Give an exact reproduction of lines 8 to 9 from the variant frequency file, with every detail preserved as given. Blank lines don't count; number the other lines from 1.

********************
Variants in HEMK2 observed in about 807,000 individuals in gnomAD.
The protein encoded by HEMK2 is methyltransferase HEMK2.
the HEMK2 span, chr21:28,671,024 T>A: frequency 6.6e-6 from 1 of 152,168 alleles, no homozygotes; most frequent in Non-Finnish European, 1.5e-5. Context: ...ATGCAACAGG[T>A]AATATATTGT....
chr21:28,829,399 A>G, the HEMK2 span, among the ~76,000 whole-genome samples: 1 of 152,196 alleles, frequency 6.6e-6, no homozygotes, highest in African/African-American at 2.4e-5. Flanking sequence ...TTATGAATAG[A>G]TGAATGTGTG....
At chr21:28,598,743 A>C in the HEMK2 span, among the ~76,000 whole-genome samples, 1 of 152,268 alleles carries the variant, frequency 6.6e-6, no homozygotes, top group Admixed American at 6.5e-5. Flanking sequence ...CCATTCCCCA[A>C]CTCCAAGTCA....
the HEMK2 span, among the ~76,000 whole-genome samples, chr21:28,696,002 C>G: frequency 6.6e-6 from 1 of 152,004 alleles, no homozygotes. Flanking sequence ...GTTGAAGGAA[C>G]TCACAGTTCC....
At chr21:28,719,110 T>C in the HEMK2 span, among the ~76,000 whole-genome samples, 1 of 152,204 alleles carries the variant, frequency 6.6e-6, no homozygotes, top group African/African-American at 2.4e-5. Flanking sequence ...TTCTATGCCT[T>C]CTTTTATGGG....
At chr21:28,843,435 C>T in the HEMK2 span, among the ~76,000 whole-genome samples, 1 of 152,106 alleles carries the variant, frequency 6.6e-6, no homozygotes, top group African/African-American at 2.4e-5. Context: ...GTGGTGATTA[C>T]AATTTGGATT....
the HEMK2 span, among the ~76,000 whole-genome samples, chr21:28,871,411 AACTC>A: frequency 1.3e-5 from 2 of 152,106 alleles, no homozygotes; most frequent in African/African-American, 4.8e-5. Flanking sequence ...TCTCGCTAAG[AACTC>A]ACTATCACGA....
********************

At chr21:28,843,435 C>T in the HEMK2 span, among the ~76,000 whole-genome samples, 1 of 152,106 alleles carries the variant, frequency 6.6e-6, no homozygotes, top group African/African-American at 2.4e-5. Context: ...GTGGTGATTA[C>T]AATTTGGATT....
the HEMK2 span, among the ~76,000 whole-genome samples, chr21:28,871,411 AACTC>A: frequency 1.3e-5 from 2 of 152,106 alleles, no homozygotes; most frequent in African/African-American, 4.8e-5. Flanking sequence ...TCTCGCTAAG[AACTC>A]ACTATCACGA....